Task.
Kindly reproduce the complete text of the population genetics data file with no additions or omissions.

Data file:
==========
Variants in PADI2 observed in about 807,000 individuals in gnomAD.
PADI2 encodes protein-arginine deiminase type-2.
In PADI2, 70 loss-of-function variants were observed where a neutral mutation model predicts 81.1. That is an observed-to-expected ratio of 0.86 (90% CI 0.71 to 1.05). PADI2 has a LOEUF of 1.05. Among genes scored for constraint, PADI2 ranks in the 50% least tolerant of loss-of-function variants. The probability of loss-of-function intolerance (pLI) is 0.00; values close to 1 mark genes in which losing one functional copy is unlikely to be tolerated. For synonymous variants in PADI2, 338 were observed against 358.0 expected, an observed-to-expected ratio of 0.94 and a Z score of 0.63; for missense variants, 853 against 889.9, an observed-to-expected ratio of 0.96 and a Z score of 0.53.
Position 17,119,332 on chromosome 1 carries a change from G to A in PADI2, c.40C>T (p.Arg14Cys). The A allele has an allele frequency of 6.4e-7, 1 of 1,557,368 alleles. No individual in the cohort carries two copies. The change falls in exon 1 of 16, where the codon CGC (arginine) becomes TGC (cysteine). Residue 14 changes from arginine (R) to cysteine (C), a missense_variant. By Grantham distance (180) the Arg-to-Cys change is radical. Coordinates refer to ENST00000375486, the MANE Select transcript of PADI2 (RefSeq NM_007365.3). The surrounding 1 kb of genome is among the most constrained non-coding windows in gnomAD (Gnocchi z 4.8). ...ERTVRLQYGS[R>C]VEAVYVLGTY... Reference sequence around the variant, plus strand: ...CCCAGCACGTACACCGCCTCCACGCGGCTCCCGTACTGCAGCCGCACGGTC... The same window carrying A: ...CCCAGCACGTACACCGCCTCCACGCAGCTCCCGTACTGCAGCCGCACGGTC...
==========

Variants in PADI2 observed in about 807,000 individuals in gnomAD.
PADI2 encodes protein-arginine deiminase type-2.
In PADI2, 70 loss-of-function variants were observed where a neutral mutation model predicts 81.1. That is an observed-to-expected ratio of 0.86 (90% CI 0.71 to 1.05). PADI2 has a LOEUF of 1.05. Among genes scored for constraint, PADI2 ranks in the 50% least tolerant of loss-of-function variants. The probability of loss-of-function intolerance (pLI) is 0.00; values close to 1 mark genes in which losing one functional copy is unlikely to be tolerated. For synonymous variants in PADI2, 338 were observed against 358.0 expected, an observed-to-expected ratio of 0.94 and a Z score of 0.63; for missense variants, 853 against 889.9, an observed-to-expected ratio of 0.96 and a Z score of 0.53.
Position 17,119,332 on chromosome 1 carries a change from G to A in PADI2, c.40C>T (p.Arg14Cys). The A allele has an allele frequency of 6.4e-7, 1 of 1,557,368 alleles. No individual in the cohort carries two copies. The change falls in exon 1 of 16, where the codon CGC (arginine) becomes TGC (cysteine). Residue 14 changes from arginine (R) to cysteine (C), a missense_variant. By Grantham distance (180) the Arg-to-Cys change is radical. Coordinates refer to ENST00000375486, the MANE Select transcript of PADI2 (RefSeq NM_007365.3). The surrounding 1 kb of genome is among the most constrained non-coding windows in gnomAD (Gnocchi z 4.8). ...ERTVRLQYGS[R>C]VEAVYVLGTY... Reference sequence around the variant, plus strand: ...CCCAGCACGTACACCGCCTCCACGCGGCTCCCGTACTGCAGCCGCACGGTC... The same window carrying A: ...CCCAGCACGTACACCGCCTCCACGCAGCTCCCGTACTGCAGCCGCACGGTC...